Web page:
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    Malala Yousafzai and Women’s Rights

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    Women in Muslim countries often do not have the same rights and privileges as women in the West such as the right of education or the right to employment. Author, activist, and survivor Malala Yousafzai is a perfect example of the challenges and barriers Muslim women face in Islamic countries. In her native country of Pakistan, women and young girls were denied the right to education. Malala Yousafzai begin to speak on every media platform available to her on the importance of education.

    An outspoken critic of the Taliban’s tactics in her native Swat Valley from a young age, Malala was the subject of an attempted assassination at the hands of a Taliban gunman because she was unafraid to speak out.

    Then, at just 14 years old, a Talib fighter boarded her bus, pointed a pistol at her head, and pulled the trigger. But she survived, made a full recovery in England, and has become and transformative figure in human rights.

    Now, she is poised to become the youngest Nobel Peace laureate ever.  Read More

    Modern women in the West have the same rights and privileges as men such the right to  jobs, pay, and education. They have the right to vote in elections and engage in politics. Western women can wear whatever they want, and their freedom of expression is not a criminal act.

    Women can drive, cut their hair and join in sport events, and cheating on your spouse is not cause for a death sentence. All these things when spoken aloud (or, in this case written) may seem ridiculous, but they are just a small part of the rights they may not accessible to Muslim women.

    In Muslim countries, these rights are taken away from women and doubled to men. It is legal to beat you wife, if she doesn’t listen to you or argues with you. A few years ago, another article appeared in the news about a Norwegian woman who was studying in an Dubai. While at home, four guys around her age got into her room and raped her. Later, she went to make a report to the police. Unfortunately, she was not able to bring an accusation against them in the absence of having no male witnesses. What’s shocking about this case, she was charged and faced six months in prison for having unlawful sex.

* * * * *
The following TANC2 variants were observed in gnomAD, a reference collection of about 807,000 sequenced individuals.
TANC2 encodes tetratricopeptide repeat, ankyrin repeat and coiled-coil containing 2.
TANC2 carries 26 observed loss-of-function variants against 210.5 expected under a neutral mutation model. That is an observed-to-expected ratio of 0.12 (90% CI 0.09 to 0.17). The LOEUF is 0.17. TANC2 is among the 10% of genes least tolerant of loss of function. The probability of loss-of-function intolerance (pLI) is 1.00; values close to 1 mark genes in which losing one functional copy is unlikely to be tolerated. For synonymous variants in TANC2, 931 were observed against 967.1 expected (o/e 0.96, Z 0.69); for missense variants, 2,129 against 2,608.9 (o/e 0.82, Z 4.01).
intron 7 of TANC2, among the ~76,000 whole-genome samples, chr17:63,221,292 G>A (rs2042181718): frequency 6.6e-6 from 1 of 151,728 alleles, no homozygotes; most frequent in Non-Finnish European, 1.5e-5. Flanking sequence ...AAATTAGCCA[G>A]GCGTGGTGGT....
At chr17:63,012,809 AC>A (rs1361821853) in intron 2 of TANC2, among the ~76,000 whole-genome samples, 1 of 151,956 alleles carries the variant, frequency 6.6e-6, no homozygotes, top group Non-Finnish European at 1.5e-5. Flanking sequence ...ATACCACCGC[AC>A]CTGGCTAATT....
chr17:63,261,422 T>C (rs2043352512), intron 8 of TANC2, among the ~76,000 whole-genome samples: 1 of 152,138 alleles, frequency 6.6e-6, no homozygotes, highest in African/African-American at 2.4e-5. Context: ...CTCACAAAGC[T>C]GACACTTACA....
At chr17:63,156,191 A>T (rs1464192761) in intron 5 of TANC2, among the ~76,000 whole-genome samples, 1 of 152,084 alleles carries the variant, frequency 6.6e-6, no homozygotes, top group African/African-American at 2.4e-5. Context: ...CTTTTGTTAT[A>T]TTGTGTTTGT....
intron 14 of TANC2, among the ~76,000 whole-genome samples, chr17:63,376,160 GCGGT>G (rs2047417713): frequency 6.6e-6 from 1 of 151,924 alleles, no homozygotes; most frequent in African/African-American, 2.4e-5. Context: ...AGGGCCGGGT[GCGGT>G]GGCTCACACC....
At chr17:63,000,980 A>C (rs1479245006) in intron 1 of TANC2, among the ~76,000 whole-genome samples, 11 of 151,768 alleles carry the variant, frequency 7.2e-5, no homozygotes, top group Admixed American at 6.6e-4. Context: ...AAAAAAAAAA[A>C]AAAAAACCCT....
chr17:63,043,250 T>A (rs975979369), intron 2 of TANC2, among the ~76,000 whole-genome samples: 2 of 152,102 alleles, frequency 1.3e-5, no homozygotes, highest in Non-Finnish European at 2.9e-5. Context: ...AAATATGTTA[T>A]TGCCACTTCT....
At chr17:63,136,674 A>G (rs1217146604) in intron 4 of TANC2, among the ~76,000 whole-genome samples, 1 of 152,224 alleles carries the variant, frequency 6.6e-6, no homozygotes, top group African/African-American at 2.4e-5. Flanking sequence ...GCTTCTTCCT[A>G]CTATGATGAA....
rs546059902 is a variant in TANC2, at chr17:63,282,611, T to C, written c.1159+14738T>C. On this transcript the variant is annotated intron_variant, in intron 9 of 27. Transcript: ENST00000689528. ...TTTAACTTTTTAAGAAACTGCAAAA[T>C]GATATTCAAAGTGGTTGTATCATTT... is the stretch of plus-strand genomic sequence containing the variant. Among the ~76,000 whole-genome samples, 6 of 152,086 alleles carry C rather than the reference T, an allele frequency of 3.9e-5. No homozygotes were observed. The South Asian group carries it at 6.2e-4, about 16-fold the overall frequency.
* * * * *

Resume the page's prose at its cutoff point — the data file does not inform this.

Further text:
Religion’s main function is to unite people for good and not to separate them to ‘lower’ or ‘higher’ class off human beings. We’re all the same, no matter of our skin color, appearance or sex. May be most of us do not understand Islam, but the truth is social evils in today’s society such as oppression, domestic violence and the abuse of women are not confined to any one race, religion, or region of the world.

    Malala Yousafzai made an appearance on Jon Stewart to talk about women’s rights, education, and her book “I am Malala”. Most importantly, she continues to  advocate for equality for Muslim women. View the video below:

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    Paula Sheamus works as blogger, writer, freelancer and sometimes provides services withHouse Clean Londonas an additional job. Her true passion is journalism and writing about women's life and lifestyle.

    5 Comments

    5 Comments

    1. Social Work Helper

      Social Work Helper

      October 13, 2013 at 12:26 pm

      How do you classify Pakistan. Since Pakistan existence in 1947, some consider it Middle East and some consider it South Asia.

    2. Wajma Padshah

      October 13, 2013 at 9:49 am

      but again Malalai is from Pakistan which is not part of middle east….

    3. Social Work Helper

      Social Work Helper

      October 13, 2013 at 4:26 am

      “Countries in the Middle East” would probably have been the description to use instead of Islamic countries.

    4. Wajma Padshah

      October 11, 2013 at 7:21 pm

      There’s still much inequality in ‘western’ countries that need to be addressed including unequal pay, paying more for services including clothing and the increased sexualisation and exploitation by the materialists.

    5. Wajma Padshah

      October 11, 2013 at 7:15 pm

      Please note there is no country in the world currently that could be called ‘islamic’. Islam does not condone any of the oppressions against women, men and animals committed by some of the muslim majority counties.

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